Dr. Maureen Ruby Uses Curriculum Storyboards in her Graduate Advanced Curriculum Course

Sacred Heart Graduate Students dig into storyboards

Dr. Maureen Ruby, Associate Professor at Sacred Heart University, can remember her kids coming home from school and giving the stereotypical, “nothing,” when asked what they did all day. She laughed at the memory, but also recalled the frustration of not knowing what her children were doing in their respective classrooms.

“I can remember having teachers say that they couldn’t show (curriculum),” she said, “like the curriculum was some secret thing that was kept behind a firewall that you couldn’t see.”

So when she saw Curriculum Storyboards for the first time, she immediately thought about the potential conversations a parent could have with their child over the story that is woven within each of the storyboards.

“I love the term streamlining,” she said, referring to the Streamlining the Curriculum book title. “Streamlining and sensemaking is clearly an advantage over what we were doing before, which was not streamlined, and didn’t even make sense sometimes to the people who did the work.”

Dr. Ruby was actually a fan of the book co-authored by Heidi Hayes Jacobs and Allison Zmuda long before it was published in September 2023 by ASCD. Assigned a graduate advanced curriculum course that summer, she caught wind of the book and was taking in whatever she could.

“My assumption was that many of (my students) may have had the same experience that I had – which is not much experience – in writing curriculum,” she said. “I came into education taking that basic curriculum course that everybody took or is taking and I really didn’t learn anything about curriculum.

“I found myself being on curriculum writing teams for all the years that I was a classroom teacher and it was uncomfortable. We were doing the best we could with what we knew but we didn’t really know too much.”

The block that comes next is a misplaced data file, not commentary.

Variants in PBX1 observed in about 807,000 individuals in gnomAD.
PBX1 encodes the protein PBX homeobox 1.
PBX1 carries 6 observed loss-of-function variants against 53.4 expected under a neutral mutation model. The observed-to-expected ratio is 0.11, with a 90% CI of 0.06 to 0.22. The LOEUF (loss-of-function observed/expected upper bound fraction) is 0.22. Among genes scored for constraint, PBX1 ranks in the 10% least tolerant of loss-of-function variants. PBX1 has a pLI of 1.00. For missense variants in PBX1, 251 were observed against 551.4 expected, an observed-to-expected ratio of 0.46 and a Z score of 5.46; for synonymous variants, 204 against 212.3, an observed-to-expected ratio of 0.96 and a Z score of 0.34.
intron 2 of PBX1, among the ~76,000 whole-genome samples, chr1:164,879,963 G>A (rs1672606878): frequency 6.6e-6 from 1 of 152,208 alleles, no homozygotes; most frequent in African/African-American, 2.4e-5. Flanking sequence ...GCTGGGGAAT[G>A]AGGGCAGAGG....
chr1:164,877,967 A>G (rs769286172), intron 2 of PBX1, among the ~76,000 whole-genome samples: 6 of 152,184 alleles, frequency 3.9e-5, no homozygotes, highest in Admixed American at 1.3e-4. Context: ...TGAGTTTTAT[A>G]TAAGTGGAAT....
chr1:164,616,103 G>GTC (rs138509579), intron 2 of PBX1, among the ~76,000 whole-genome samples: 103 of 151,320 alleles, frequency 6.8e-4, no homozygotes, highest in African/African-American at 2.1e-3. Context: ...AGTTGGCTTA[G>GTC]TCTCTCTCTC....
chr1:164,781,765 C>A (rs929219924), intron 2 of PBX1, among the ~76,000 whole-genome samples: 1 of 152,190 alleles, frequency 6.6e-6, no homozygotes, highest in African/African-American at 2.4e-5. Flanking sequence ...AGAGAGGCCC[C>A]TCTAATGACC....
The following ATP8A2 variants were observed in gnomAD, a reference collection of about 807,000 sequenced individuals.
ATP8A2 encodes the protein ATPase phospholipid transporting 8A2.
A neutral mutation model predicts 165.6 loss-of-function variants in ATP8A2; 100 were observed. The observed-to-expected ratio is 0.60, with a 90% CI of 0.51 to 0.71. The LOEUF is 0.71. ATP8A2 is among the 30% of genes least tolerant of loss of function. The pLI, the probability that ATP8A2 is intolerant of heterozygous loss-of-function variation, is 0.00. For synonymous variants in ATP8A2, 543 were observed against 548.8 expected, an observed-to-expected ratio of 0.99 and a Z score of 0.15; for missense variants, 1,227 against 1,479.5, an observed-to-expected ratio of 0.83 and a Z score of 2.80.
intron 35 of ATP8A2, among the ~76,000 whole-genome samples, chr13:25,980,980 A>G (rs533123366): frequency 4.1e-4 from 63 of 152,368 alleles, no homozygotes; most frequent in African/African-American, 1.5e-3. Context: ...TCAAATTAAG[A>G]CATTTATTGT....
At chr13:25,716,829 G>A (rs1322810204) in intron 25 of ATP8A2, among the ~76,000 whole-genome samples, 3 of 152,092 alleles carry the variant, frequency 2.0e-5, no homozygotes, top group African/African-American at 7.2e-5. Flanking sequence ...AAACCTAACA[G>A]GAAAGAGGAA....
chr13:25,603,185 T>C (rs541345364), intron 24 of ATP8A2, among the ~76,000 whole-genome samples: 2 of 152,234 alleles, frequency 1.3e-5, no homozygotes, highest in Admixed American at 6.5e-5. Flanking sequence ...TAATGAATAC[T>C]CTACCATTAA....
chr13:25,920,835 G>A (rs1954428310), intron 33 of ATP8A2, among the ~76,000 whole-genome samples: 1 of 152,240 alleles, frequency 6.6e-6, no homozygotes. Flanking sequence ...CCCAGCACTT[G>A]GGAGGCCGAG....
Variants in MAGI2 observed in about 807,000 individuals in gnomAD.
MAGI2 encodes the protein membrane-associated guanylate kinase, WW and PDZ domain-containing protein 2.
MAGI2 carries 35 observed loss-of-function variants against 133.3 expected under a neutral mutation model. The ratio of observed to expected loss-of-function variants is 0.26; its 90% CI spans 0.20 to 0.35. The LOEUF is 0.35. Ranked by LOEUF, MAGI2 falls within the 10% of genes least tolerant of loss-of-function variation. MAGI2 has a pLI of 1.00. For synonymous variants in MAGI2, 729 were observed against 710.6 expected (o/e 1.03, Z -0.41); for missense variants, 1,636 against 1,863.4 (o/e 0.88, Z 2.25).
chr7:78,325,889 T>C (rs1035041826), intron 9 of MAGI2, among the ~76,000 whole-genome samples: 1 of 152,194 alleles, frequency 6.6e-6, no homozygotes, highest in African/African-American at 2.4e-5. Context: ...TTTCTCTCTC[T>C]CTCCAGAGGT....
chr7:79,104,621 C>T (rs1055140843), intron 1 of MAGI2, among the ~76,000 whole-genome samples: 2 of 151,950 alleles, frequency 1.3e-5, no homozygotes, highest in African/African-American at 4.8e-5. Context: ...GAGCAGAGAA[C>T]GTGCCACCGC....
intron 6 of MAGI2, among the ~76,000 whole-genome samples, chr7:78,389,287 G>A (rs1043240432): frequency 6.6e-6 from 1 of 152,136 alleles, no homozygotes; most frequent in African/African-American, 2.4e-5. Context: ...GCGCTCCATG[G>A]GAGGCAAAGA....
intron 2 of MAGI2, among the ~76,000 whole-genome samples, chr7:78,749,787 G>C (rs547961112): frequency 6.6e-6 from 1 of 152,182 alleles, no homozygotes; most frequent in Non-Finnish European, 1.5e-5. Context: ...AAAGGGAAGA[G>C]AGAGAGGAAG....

Streamlining the Curriculum wouldn’t be published in time for Dr. Ruby to make it required reading for her class, but that didn’t stop her from leveraging the concept.

“I decided we were still going to do this,” she said. “We’re going to use the webinars.”

She put her book order in, but then attended a webinar led by Heidi and Allison and leveraged any examples that were shared as part of the book promotion.

“What was so amazing to me is that – without having the book in hand – these students were able to do preliminary storyboards with just a brief PowerPoint and exposure to this material,” she said, “and the response was positive and overwhelming. I think the sense that teachers got was this freedom from the avalanche of everything.”

Dr. Ruby shared storyboards that were created within her class.

8th Grade Science

“The connection was made multiple times between storyboarding and what is inherent in NGSS,” explained Dr. Ruby.

“There’s a storyline. At first, one of the first science teachers that I was working with (had) a little bit of pushback. In the end, in the reflection, the comment was, we can actually make the storyline that’s supposed to be there is stronger through this. And I thought that was brilliant. That was just brilliant.”

Girls Future Firefighters Camp

A storyboard that outlines a firefighter camp for girls
A storyboard that outlines a nonprofit firefighters camp for girls

8th Grade American History

“One of the things that I was so intrigued by in this one was the ability for students to actually play an active role in this sense making of history,” said Allison Zmuda. “So when we’re leaning into the idea of becoming historical detectives, learning about the town’s past and using original 1700s documents from the town hall to unearth the existence of two particular individuals.

“So the notion is that they are actually living historians as opposed to something that they’re just reading from somebody that’s in the textbook. Trying to also unearth local opportunities in the community level, to begin to see in what ways can we create more synergy between people in the classroom and people outside of the classroom that could be of great assistance or help in this project, but also starting to see that we are a part of our history, and in this moment, continuing to craft opportunities for our students to add to the historical records as well.”

What do you think of these storyboards?

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